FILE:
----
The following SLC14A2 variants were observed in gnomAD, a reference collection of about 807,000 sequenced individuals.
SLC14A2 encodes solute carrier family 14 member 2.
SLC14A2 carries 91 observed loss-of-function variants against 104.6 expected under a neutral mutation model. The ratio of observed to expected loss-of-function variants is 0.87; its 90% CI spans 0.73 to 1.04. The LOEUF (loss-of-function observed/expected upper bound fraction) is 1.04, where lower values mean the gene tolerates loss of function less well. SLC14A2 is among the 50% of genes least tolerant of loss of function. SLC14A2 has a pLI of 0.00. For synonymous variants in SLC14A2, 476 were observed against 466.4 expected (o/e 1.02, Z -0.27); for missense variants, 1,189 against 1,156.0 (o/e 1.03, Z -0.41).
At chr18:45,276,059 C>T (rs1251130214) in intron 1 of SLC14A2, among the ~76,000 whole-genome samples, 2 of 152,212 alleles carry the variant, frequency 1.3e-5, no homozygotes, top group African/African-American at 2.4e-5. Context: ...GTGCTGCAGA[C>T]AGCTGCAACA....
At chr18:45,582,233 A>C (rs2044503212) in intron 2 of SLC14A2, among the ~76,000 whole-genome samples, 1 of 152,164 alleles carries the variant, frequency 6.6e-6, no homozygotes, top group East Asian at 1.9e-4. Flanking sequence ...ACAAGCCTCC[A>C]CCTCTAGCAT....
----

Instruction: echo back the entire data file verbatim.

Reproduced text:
The following SLC14A2 variants were observed in gnomAD, a reference collection of about 807,000 sequenced individuals.
SLC14A2 encodes solute carrier family 14 member 2.
SLC14A2 carries 91 observed loss-of-function variants against 104.6 expected under a neutral mutation model. The ratio of observed to expected loss-of-function variants is 0.87; its 90% CI spans 0.73 to 1.04. The LOEUF (loss-of-function observed/expected upper bound fraction) is 1.04, where lower values mean the gene tolerates loss of function less well. SLC14A2 is among the 50% of genes least tolerant of loss of function. SLC14A2 has a pLI of 0.00. For synonymous variants in SLC14A2, 476 were observed against 466.4 expected (o/e 1.02, Z -0.27); for missense variants, 1,189 against 1,156.0 (o/e 1.03, Z -0.41).
At chr18:45,276,059 C>T (rs1251130214) in intron 1 of SLC14A2, among the ~76,000 whole-genome samples, 2 of 152,212 alleles carry the variant, frequency 1.3e-5, no homozygotes, top group African/African-American at 2.4e-5. Context: ...GTGCTGCAGA[C>T]AGCTGCAACA....
At chr18:45,582,233 A>C (rs2044503212) in intron 2 of SLC14A2, among the ~76,000 whole-genome samples, 1 of 152,164 alleles carries the variant, frequency 6.6e-6, no homozygotes, top group East Asian at 1.9e-4. Flanking sequence ...ACAAGCCTCC[A>C]CCTCTAGCAT....